If you’re representing a plaintiff in an undue-influence or testamentary-capacity case, one of your first challenges is mapping out the questions you’ll be asking when you depose the lawyer who drafted the will or trust being challenged.  If you’re representing the estate defending against this challenge, you’ll want to know how best to build a deposition record that dissuades the challenger from proceeding with his or her case, or encourages an early settlement on favorable terms.  Why is the deposition so important? Because the vast majority of contested probate proceedings settle before trial, so your depositions may be the only “trial” you’ll ever have, and will certainly tilt the negotiating leverage to one side or the other in any settlement negotiations.

And lest we forget our estate-planning brethren, if you’re an estate planner and for some reason you believe the estate planning documents you’re working on are likely to end up being challenged, then you’ll want to be especially sure that [a] your client is competent and not the victim of undue influence and [b] that you build a record documenting your conclusions.

In all of these circumstances a good checklist of questions is worth its weight in gold.  And a good starting point for building this kind of checklist is a recent article in the American Journal of Psychiatry entitled Assessment of Testamentary Capacity and Vulnerability to Undue Influence, by Kenneth I. Shulman, M.D., F.R.C.P.C., Carole A. Cohen, M.D., F.R.C.P.C., Felice C. Kirsh, LL.B., Ian M. Hull, B.A., LL.B., and Pamela R. Champine, J.D., LL.M.  Here’s an excerpt:

Documentation for Assessment of Testamentary Capacity and Undue Influence

In the absence of a validated assessment instrument, we propose that in addition to the traditional Banks v. Goodfellow criteria, the following issues should be addressed and documented in a forensic assessment, whether it is contemporaneous or retrospective:

  1. Rationale for any dramatic changes or significant deviations from the pattern identified in prior wills or previous consistently expressed wishes regarding disposition of assets.
  2. The appreciation of the consequences and impact of a particular distribution, especially if it deviates from or excludes “natural” beneficiaries, such as close family members or spouses.
  3. Clarification of concerns about potential beneficiaries who are excluded from the will or bequeathed lower amounts than might have been expected—that is, ruling out the presence of a specific delusion or overvalued idea that influences the distribution.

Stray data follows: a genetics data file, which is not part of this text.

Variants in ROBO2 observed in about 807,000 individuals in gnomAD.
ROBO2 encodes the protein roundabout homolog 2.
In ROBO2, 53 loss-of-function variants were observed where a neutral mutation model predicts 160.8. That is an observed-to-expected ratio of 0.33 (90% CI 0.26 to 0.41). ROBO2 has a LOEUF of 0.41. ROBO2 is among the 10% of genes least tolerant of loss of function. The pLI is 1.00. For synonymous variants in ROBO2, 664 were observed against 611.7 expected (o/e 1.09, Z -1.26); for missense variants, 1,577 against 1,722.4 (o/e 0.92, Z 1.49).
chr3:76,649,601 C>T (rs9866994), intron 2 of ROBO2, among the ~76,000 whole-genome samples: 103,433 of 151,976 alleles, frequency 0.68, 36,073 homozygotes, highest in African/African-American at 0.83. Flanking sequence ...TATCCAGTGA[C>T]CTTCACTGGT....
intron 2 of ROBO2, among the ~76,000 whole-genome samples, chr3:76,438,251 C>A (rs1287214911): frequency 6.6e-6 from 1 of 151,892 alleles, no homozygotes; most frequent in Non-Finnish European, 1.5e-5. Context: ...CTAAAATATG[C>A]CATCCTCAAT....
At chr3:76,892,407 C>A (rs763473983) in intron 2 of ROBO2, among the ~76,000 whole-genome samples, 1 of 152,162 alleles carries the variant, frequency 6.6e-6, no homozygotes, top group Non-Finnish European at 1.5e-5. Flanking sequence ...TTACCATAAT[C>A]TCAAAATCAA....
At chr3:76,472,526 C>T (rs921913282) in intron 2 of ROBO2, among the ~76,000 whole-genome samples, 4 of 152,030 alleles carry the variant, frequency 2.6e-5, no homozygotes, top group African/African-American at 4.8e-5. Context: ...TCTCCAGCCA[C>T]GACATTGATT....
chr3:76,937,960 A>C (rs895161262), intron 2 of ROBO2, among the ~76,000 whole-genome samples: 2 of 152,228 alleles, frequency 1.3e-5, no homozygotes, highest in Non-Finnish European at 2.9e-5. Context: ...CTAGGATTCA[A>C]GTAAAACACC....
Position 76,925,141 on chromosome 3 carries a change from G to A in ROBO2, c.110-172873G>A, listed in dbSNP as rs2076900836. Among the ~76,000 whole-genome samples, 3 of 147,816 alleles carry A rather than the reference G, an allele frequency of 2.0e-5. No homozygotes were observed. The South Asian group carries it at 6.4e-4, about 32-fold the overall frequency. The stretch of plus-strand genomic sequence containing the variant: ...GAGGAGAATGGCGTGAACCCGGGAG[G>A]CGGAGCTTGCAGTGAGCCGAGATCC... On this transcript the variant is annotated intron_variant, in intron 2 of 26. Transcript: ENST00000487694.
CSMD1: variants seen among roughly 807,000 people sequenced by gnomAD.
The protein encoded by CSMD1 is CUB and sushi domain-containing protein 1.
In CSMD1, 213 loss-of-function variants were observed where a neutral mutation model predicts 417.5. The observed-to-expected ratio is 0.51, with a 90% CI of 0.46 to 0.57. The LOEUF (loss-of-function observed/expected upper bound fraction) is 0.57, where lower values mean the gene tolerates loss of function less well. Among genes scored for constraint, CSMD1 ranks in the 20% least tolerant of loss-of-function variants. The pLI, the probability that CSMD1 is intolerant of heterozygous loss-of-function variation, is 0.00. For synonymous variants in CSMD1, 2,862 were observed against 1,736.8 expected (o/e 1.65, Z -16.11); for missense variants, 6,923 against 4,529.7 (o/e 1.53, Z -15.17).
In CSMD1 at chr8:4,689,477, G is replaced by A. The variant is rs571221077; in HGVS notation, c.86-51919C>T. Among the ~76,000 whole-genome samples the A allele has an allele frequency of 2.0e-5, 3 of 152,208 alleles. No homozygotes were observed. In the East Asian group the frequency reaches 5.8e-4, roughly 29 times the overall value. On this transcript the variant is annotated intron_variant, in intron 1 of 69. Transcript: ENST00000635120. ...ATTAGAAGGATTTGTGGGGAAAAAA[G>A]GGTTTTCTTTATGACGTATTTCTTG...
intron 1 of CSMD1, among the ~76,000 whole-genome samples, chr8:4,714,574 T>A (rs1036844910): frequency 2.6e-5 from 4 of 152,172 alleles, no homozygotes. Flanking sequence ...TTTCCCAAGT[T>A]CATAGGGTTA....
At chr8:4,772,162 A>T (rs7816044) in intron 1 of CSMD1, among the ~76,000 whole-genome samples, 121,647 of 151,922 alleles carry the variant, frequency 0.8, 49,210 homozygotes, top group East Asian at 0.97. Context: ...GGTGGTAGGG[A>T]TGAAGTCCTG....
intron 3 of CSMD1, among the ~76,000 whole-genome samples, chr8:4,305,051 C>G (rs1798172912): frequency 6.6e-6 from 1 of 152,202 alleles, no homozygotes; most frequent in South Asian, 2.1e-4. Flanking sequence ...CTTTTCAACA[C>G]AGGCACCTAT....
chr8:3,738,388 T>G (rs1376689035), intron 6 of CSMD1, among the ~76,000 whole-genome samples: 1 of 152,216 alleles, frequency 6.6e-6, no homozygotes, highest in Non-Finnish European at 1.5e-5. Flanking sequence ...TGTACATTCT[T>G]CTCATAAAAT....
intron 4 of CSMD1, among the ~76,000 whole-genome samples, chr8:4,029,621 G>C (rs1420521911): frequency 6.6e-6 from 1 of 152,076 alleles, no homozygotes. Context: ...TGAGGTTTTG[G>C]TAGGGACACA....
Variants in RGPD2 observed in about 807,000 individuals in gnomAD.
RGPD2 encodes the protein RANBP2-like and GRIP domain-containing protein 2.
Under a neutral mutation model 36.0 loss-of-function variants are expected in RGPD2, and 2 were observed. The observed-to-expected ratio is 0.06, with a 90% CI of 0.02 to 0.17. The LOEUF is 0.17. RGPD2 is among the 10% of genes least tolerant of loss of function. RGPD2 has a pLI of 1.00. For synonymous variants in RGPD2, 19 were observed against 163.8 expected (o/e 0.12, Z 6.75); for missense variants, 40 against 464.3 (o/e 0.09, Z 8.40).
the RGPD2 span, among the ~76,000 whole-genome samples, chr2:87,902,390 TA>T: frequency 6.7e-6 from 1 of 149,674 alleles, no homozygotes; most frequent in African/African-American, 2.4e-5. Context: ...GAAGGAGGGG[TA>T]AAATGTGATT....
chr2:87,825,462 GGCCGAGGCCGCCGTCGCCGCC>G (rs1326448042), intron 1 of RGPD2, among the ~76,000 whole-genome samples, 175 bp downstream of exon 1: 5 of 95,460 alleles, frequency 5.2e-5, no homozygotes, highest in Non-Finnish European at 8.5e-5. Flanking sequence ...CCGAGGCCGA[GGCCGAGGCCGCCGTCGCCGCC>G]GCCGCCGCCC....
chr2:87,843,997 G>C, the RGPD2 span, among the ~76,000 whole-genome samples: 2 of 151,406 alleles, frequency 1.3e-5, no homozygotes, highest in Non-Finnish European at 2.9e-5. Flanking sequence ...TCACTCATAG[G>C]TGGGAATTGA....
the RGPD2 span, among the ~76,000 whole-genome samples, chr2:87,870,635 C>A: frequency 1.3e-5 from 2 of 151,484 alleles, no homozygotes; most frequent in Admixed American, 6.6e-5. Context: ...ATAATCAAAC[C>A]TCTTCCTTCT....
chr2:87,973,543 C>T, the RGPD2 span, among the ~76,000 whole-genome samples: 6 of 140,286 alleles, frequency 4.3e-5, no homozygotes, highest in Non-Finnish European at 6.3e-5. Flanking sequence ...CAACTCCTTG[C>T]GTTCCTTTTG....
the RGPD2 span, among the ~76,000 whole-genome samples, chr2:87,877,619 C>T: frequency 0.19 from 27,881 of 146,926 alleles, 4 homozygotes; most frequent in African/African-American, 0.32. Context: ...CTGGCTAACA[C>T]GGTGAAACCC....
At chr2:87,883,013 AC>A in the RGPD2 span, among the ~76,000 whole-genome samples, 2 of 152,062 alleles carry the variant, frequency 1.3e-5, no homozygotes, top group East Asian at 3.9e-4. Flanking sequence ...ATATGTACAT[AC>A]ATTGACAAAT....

4. Evidence of the presence of a specific neurologic or mental disorder that may affect cognition, judgment, or impulse control.
  5. Evidence of behavioral disturbances or psychiatric symptoms at the time of the execution of a will, for example, behavioral and psychological symptoms of dementia such as agitation, impulsiveness, disinhibition, aggression, hallucination, and delusions.
  6. The emotional/psychological milieu in which the testator lives, with specific reference to conflicts or tensions within the family, documenting the complexity and conflictual level of situation-specific factors.
  7. The testator’s understanding and appreciation of any conflicts or tensions in his or her environment.
  8. Evidence of a pathological or dependent relationship with a formal or informal caregiver, such as a younger woman who offers comfort and reassurance or plants seeds of suspiciousness toward family or friends.
  9. Evidence of inconsistency in expressed wishes or an inability to communicate a clear, consistent wish with respect to the distribution of assets; for example, frequent will changes are sometimes made in a desperate attempt to garner care, support, or comfort at a time when the testator feels increasingly vulnerable or threatened.
  10. Any of the indications of undue influence.

Specific questions posed to the testator may help in elucidating and probing the relationship between task-specific and situation-specific factors:

  1. Can you tell me the reason(s) that you decided to make changes in your will?
  2. Why did you decide to divide the estate in this particular fashion?
  3. Do you understand how individual A might feel, having been excluded from the will or having been given a significantly less amount than previously expected or promised?
  4. Do you understand the economic implications for individual B of this particular distribution in your will?
  5. Can you tell me about the important relationships in your family and others close to you?
  6. Can you describe the nature of any family or personal disputes or tensions that may have influenced your distribution of assets?

When a retrospective assessment is being conducted, assiduous review of medical records, examinations for discovery, and selective interviews of informants are needed to cast light on these issues.

Another excellent resource for those brave souls willing to delve into the murky waters of a testamentary-capacity lawsuit is a piece in the Journal of the American Academy of Psychiatry and the Law entitled Common Pitfalls in the Evaluation of Testamentary Capacity by Harvard Medical School Professor of Psychiatry Thomas G. Gutheil, MD.

Blogging credit:

Credit goes to Pennsylvania trusts and estates lawyer and expert witness Patti S. Spencer for bringing the linked-to articles to my attention in this post on her Pennsylvania Fiduciary Litigation Blog.